The flooding of normally dry land, primarily caused by severe weather events along the coasts, estuaries, and adjoining rivers. These storms, which include hurricanes and nor'easters, bring strong winds and heavy rains. The winds drive large waves and storm surge on shore, and heavy rains raise rivers. (A tsunami — a giant wave caused by earthquakes or volcanic eruptions under the sea or landslides into the sea — is another kind of coastal inundation, but should not be confused with storm surge).
A weather system for which a tropical cyclone forecast center (NHC, CPHC, or JTWC) is interested in collecting specialized data sets (e.g., microwave imagery) and/or running model guidance. Once a system has been designated as an invest, data collection and processing is initiated on a number of government and academic web sites, including the Naval Research Laboratory (NRL) and the University of Wisconsin Cooperative Institute for Meteorological Satellite Studies (UW-CIMSS). The designation of a system as an invest does not correspond to any particular likelihood of development of the system into a tropical cyclone; operational products such as Tropical Weather Outlooks or Significant Tropical Weather Advisories should be consulted for this purpose.
An eastward moving atmospheric wave that can enhance deep convection and contribute to tropical cyclogenesis, especially over the Pacific Ocean. It moves towards the east at about 10° to 20° longitude per day.
The intersection of the surface center of a tropical cyclone with a coastline. Because the strongest winds in a tropical cyclone are not located precisely at the center, it is possible for a cyclone's strongest winds to be experienced over land even if landfall does not occur. Similarly, it is possible for a tropical cyclone to make landfall and have its strongest winds remain over the water. Compare direct hit, indirect hit, and strike.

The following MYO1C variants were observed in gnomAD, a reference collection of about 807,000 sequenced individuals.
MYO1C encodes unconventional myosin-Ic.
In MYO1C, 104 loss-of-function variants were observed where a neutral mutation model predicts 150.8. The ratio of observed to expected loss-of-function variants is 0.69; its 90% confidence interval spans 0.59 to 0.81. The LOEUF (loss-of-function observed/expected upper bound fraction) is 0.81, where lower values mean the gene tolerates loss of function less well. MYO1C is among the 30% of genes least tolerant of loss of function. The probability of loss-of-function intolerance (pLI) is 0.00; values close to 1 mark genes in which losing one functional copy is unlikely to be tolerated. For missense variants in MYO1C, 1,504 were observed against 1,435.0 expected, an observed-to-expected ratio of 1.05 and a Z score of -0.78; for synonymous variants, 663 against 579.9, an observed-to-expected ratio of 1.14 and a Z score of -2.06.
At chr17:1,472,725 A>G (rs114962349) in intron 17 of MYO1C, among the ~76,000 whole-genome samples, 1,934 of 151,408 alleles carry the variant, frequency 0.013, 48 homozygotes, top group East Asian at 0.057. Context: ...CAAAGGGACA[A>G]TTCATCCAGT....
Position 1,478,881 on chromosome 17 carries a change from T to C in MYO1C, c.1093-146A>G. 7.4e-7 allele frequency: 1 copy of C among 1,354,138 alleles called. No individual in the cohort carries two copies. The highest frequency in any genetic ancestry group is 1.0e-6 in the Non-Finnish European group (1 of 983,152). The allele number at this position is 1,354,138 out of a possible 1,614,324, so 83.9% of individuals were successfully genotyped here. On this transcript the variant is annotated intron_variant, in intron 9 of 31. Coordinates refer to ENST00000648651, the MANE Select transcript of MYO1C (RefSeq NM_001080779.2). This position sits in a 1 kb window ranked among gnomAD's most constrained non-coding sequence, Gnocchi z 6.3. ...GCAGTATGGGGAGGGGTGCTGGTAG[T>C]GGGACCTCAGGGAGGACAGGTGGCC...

The standard measure of a tropical cyclone's intensity. When the term is applied to a particular weather system, it refers to the highest one-minute average wind (at an elevation of 10 meters with an unobstructed exposure) associated with that weather system at a particular point in time.
A surface trough in association with a monsoon circulation. This is depicted by a line on a weather map showing the location of minimum sea level pressure coinciding with the maximum cyclonic turning of the surface winds, with southwesterly or northwesterly flow prevailing equatorward and northeasterly flow prevailing poleward of the typically zonally oriented trough axis.
Air that flows outwards from a storm system; associated with ridging, or anticyclonic flow. Low-level outflow boundaries from mesoscale convective complexes can disrupt the center of small tropical cyclones. However, outflow aloft is essential for the strengthening of a tropical cyclone. If this outflow is undercut, the tropical cyclone weakens. If two tropical cyclones are in proximity, the upper-level outflow from the system to the west can limit the development of the system to the east.
The Philippine Area of Responsibility (red), Tropical Cyclone Advisory Domain (orange), and Tropical Cyclone Information Domain (purple).
An area bounded by rhumb lines on the Philippine Tropical Cyclone Tracking Chart/Map or imaginary lines on the surface of the earth that makes equal oblique angles with all meridians joining the following points: 25°N 120°E, 25°N 135°E, 5°N 135°E, 5°N 115°E, 15°N 115°E, and 21°N 120°E. Tropical cyclone bulletins are issued by the Philippine Atmospheric, Geophysical and Astronomical Services Administration (PAGASA) every three, six, or twelve hours for all tropical cyclones within this area, depending on the cyclone's current threat to land or intensity.